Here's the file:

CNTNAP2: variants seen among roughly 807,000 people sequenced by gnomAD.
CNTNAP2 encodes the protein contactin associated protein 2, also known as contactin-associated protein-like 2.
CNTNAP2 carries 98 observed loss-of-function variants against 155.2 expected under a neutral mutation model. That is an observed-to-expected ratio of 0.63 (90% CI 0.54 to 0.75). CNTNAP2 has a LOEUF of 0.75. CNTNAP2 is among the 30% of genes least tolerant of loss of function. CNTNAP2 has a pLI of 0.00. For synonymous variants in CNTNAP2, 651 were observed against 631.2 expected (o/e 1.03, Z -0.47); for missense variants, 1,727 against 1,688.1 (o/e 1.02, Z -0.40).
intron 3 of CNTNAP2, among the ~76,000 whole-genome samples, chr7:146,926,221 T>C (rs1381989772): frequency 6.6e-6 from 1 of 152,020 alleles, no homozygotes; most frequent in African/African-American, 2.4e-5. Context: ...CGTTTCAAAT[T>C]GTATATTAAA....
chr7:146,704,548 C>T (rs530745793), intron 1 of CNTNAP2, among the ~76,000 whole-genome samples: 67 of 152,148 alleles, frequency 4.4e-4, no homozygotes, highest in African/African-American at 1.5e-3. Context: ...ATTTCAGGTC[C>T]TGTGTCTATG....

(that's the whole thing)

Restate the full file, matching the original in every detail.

CNTNAP2: variants seen among roughly 807,000 people sequenced by gnomAD.
CNTNAP2 encodes the protein contactin associated protein 2, also known as contactin-associated protein-like 2.
CNTNAP2 carries 98 observed loss-of-function variants against 155.2 expected under a neutral mutation model. That is an observed-to-expected ratio of 0.63 (90% CI 0.54 to 0.75). CNTNAP2 has a LOEUF of 0.75. CNTNAP2 is among the 30% of genes least tolerant of loss of function. CNTNAP2 has a pLI of 0.00. For synonymous variants in CNTNAP2, 651 were observed against 631.2 expected (o/e 1.03, Z -0.47); for missense variants, 1,727 against 1,688.1 (o/e 1.02, Z -0.40).
intron 3 of CNTNAP2, among the ~76,000 whole-genome samples, chr7:146,926,221 T>C (rs1381989772): frequency 6.6e-6 from 1 of 152,020 alleles, no homozygotes; most frequent in African/African-American, 2.4e-5. Context: ...CGTTTCAAAT[T>C]GTATATTAAA....
chr7:146,704,548 C>T (rs530745793), intron 1 of CNTNAP2, among the ~76,000 whole-genome samples: 67 of 152,148 alleles, frequency 4.4e-4, no homozygotes, highest in African/African-American at 1.5e-3. Context: ...ATTTCAGGTC[C>T]TGTGTCTATG....